Sometimes I think I’m neurotic regarding my smartphone usage because lately it’s often between 3-4 hours per day, sometimes more, and I am always wishing I could use my phone less. The other day, however, I inadvertently saw the “screen time” on a stranger’s phone and it was 11 hours; this really put things in perspective. Maybe my phone usage feels crazy because I pay a lot of attention to it, but others may spend the whole day staring at their phones without even thinking about it. When I go on public transport I try to avoid looking at my phone, but I notice 90% of other people on the train/bus/MRT are staring at their phones the entire trip.
Modern humans have been around for hundreds of thousands of years and whatever we came from was obviously around much longer. The majority of that time there couldn’t have been that much going on (i.e. lots of free time and what many would call boredom). These are the circumstances under which our brains developed. Even when I think back to my childhood in the 90s, there were not as many options available to distract yourself as we have today, and I was often bored. Basically we could watch TV or talk on the phone (or maybe play video games if you had any); aside from these, I guess people would spend time with friends or pursue their hobbies/interests. When we had to wait for something, all we could do is wait (or maybe read a book if you brought one).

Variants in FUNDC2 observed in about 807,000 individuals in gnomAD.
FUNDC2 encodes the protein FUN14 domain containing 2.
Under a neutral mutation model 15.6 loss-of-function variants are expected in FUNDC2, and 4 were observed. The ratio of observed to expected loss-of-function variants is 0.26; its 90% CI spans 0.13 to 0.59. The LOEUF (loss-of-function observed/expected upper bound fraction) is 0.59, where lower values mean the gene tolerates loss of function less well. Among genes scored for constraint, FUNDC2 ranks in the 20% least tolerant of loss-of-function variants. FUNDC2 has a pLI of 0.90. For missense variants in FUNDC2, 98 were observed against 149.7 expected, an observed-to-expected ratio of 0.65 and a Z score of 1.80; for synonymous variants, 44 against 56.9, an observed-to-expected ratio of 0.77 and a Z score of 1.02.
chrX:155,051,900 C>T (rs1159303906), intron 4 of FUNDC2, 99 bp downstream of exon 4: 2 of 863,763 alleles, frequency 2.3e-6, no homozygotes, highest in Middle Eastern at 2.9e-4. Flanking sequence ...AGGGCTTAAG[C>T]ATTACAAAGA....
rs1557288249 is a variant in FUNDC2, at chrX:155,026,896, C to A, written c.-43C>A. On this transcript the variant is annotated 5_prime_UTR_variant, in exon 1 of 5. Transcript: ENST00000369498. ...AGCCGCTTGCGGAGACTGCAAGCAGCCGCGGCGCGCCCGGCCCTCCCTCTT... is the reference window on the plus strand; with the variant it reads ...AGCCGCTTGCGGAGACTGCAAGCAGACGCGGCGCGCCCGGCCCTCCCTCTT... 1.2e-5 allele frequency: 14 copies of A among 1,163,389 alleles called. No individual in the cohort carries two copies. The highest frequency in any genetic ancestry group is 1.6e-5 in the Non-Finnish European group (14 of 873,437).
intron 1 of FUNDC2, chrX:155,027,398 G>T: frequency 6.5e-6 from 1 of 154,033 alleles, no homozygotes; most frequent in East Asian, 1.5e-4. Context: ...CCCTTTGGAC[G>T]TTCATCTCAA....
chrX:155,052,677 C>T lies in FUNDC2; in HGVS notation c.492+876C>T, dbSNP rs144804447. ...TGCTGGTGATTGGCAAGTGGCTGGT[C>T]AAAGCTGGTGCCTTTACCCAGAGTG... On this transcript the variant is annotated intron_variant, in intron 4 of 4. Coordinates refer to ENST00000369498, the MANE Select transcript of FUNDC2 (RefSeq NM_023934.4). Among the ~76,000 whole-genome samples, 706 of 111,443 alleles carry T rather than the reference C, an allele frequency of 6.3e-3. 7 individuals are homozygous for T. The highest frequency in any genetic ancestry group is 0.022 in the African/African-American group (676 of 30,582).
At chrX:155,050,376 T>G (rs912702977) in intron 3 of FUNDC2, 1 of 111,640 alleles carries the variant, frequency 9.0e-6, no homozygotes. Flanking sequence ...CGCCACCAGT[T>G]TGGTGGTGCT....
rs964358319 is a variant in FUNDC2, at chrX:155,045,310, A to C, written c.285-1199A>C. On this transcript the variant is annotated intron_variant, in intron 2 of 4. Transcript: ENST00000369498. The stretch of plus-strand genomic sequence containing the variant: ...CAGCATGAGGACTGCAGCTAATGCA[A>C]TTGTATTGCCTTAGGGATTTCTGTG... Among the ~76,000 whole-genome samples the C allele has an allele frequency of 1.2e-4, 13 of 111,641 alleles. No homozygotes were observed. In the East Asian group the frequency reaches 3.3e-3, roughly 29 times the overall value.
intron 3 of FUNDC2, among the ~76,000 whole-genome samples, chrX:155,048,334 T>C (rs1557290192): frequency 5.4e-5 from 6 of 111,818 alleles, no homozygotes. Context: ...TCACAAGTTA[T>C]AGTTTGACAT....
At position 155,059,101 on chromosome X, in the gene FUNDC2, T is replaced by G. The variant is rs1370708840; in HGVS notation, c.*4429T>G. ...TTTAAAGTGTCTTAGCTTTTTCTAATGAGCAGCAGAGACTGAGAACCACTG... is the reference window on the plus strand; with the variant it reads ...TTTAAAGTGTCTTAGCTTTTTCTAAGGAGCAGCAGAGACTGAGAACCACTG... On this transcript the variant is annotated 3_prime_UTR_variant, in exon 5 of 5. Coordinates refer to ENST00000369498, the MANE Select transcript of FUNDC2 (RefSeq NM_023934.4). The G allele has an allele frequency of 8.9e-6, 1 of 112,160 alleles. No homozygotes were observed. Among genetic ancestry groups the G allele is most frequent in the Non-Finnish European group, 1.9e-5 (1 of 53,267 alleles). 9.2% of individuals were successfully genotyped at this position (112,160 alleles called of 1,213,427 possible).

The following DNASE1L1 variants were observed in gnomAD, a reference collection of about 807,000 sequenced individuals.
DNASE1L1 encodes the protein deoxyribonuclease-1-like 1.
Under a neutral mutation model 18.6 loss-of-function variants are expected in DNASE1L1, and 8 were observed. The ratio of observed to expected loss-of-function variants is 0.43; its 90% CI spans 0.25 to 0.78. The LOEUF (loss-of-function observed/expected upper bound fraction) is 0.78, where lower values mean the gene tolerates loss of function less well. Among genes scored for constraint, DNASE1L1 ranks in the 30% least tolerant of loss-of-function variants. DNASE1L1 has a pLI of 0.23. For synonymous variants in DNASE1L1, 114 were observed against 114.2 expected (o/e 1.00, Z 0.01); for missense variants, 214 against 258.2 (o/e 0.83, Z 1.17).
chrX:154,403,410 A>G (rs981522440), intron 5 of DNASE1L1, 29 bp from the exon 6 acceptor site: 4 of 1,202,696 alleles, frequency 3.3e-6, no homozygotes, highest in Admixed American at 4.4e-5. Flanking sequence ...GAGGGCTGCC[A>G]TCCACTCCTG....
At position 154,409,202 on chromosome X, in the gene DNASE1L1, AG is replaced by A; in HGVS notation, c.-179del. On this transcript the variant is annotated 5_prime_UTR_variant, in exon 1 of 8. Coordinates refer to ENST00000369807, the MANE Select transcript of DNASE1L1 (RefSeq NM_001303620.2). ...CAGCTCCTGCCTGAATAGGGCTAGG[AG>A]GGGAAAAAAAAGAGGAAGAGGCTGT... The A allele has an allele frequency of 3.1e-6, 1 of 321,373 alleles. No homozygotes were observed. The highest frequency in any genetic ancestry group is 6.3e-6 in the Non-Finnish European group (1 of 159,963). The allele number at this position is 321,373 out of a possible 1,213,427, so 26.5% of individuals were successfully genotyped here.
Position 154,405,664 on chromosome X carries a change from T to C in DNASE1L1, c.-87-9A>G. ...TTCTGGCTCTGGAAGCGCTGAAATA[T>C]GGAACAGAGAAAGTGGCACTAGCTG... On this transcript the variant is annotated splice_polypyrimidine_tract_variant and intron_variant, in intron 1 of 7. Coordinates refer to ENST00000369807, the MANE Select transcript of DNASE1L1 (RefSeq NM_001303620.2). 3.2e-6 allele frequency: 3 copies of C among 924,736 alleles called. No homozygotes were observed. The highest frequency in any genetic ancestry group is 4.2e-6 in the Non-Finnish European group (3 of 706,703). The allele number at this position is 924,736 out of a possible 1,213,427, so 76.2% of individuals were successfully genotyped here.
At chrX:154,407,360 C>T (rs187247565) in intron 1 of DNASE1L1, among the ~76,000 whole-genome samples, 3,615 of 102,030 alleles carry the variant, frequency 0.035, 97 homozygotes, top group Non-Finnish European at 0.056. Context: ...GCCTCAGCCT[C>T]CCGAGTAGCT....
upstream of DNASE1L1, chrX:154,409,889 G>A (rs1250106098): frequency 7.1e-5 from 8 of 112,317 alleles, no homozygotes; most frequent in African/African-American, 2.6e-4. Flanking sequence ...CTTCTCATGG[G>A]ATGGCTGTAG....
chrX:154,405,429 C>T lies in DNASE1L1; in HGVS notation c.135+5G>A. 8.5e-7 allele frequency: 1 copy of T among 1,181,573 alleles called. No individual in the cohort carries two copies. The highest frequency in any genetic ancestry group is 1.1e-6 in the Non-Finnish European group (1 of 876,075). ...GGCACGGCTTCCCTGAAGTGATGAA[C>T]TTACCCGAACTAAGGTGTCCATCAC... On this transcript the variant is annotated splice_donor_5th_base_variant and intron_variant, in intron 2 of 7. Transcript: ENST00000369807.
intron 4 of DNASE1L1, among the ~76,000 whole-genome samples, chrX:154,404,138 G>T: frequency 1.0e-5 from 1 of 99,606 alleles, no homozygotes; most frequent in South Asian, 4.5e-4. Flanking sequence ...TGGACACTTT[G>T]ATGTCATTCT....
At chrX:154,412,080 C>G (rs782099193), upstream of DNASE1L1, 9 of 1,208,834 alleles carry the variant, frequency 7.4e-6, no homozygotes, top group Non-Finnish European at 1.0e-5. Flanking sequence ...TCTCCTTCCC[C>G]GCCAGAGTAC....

People nowadays are afraid of being bored; they think being bored is bad because it’s not ‘productive’ or because they could be ‘entertained’ instead. Once we have been conditioned by constant entertainment and stimulation, being bored feels really terrible. However, recent neuroscience research has shown that being bored and letting the mind rest is important for our mental/brain health, which makes sense since boredom has been a fact of life for most of human history. One thing that is ironic, though, is that some of the articles I read about the importance of doing nothing and allowing yourself to be bored actually said that a benefit of being bored is that it can boost your productivity. Come on! Why are we so obsessed with productivity? Just let yourself chill and be bored – why do people need to have ‘increased productivity’ listed as a benefit to do something healthy and natural?